My first show of Stockholm Fashion Week was BACK, the brainchild of designer Ann-Sofie Back.
Ann-Sofie Back is somewhat of a Swedish fashion Demigod. She set up her own label Ann-Sofie Back in 2001, then launched BACK (her more affordable line) in 2005. In 2009 she became joint creative director of Cheap Monday (another of Sweden’s retail success stories) and somewhere along the way she also found time to edit several magazines and design a capsule line for Topshop – not bad, hey?
The Ann-Sofie aesthetic is an extreme, editorial one, and she is often referred to as spearheading the Swedish “anti-fashion” movement, so BACKs shows are always a bit “out there”. In a fashion calendar that tends to urge on the safe/commercial side of things, the BACK show is always an exciting interruption to the Stockholm Fashion Week diary.Last season BACK’s models descended onto the catwalk from escalators in the storage room of a “Joe and the Juice”, this time, for AW14, the show took place in one of Stockholm’s picturesque churches. The show was totally immersive, with no seating, just members of the audience encircling an intimate catwalk where a pink-faced troupe of zombie-come-models flirted with onlookers. Bejewelled and crowned with choppy wigs (rumoured to match the designers own hairstyle), the models zig-zagged down the runway staring seductively at attendees in a way that is usually reserved exclusively for the photography bay. You couldn’t help but feel like the clerical setting was a tad inappropriate for the De Wallen themed choreography – but that of course is the idea. BACK loves us to feel a little bit uncomfortable with it all.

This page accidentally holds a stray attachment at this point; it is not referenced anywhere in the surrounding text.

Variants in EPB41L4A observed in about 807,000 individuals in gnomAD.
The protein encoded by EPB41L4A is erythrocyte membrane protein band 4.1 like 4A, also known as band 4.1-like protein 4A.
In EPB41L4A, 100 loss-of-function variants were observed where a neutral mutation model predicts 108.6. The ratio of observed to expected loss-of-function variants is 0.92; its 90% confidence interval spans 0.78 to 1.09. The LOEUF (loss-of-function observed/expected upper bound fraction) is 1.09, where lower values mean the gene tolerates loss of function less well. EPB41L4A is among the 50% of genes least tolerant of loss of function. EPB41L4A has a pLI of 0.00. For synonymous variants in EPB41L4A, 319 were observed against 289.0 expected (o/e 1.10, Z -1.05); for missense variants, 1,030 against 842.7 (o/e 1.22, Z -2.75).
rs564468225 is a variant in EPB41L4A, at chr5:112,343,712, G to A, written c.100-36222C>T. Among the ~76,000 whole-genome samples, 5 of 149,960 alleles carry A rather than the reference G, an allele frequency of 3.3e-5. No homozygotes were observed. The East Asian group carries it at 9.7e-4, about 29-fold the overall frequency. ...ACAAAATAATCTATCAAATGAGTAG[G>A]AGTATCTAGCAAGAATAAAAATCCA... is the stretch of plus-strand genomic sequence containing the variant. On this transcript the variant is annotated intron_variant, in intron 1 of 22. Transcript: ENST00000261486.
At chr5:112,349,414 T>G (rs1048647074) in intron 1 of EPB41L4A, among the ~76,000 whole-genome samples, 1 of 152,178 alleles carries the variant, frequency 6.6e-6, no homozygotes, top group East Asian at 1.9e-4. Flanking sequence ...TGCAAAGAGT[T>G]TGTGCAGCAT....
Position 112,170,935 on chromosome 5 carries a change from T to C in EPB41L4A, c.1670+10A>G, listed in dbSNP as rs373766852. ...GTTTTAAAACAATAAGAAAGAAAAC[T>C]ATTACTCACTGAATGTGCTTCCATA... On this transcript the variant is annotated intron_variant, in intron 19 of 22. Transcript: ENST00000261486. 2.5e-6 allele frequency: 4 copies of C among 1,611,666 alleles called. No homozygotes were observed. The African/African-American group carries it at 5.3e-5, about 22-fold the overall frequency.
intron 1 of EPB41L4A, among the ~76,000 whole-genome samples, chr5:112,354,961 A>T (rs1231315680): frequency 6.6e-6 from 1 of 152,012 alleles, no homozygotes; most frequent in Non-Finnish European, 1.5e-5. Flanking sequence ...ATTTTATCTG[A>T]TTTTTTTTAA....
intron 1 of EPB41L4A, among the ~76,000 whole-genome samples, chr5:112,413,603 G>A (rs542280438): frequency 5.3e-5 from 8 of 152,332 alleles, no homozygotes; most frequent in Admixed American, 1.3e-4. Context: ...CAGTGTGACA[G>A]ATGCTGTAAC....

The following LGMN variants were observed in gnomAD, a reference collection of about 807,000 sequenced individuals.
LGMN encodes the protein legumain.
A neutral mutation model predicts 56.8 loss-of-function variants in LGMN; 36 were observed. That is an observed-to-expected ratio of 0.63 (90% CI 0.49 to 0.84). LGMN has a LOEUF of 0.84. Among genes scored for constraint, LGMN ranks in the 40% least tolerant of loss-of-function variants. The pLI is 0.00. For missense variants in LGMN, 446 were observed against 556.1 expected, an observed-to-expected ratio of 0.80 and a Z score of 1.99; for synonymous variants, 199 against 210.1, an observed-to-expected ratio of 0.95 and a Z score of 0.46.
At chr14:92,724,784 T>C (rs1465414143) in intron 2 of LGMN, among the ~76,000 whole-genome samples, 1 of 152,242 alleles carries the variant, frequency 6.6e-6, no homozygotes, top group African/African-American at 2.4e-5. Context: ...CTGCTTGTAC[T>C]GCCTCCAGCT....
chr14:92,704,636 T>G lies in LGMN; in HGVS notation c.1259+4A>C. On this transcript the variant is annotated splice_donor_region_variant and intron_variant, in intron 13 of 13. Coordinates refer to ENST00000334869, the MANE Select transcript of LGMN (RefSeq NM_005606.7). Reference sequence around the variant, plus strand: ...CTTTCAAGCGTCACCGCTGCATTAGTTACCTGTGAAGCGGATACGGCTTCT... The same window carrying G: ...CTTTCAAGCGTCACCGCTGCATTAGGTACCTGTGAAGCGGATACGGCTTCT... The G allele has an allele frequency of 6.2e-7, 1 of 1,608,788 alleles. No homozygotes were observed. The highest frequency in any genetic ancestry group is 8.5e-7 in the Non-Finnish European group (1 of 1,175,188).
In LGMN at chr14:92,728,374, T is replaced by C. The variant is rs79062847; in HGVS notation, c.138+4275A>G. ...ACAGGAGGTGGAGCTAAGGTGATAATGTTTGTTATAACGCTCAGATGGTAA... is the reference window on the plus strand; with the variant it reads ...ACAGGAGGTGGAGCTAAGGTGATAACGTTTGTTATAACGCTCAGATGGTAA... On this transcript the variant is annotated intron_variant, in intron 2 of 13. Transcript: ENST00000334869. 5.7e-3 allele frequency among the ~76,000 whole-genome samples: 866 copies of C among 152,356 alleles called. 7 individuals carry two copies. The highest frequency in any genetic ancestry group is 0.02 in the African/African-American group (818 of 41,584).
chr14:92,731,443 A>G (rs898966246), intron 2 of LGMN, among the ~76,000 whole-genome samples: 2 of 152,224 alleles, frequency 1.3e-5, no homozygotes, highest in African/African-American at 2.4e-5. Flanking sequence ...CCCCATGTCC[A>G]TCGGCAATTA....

With sportswear at BACKs heart, the collections backbone was laid-back, slouchy garments, although this year tailored shirts and structured trousers were introduced to the line. Nike tennis socks were pulled over sneakers, and the brands signature BACK bags were tossed over shoulders in a carefree fashion. BACK never shies away from branding itself, so bag handles and shirts bore the designers name. Ann-Sofie sited that she wanted the mood to be “naive”and “spontaneous”, which was expressed with knotting details haphazardly scattered on tees, trousers and tunics. The general look was relaxed, as if it had all been tossed together. Fabrics included velvet, chunky cord, paper fleece, lambswool and mini pleats in heavy wool, which feel in deconstructed hemlines and loose fitted layers. The colour palette centred largely around greys, chestnut brown, off pinks, a lovely ice blue and injections of red.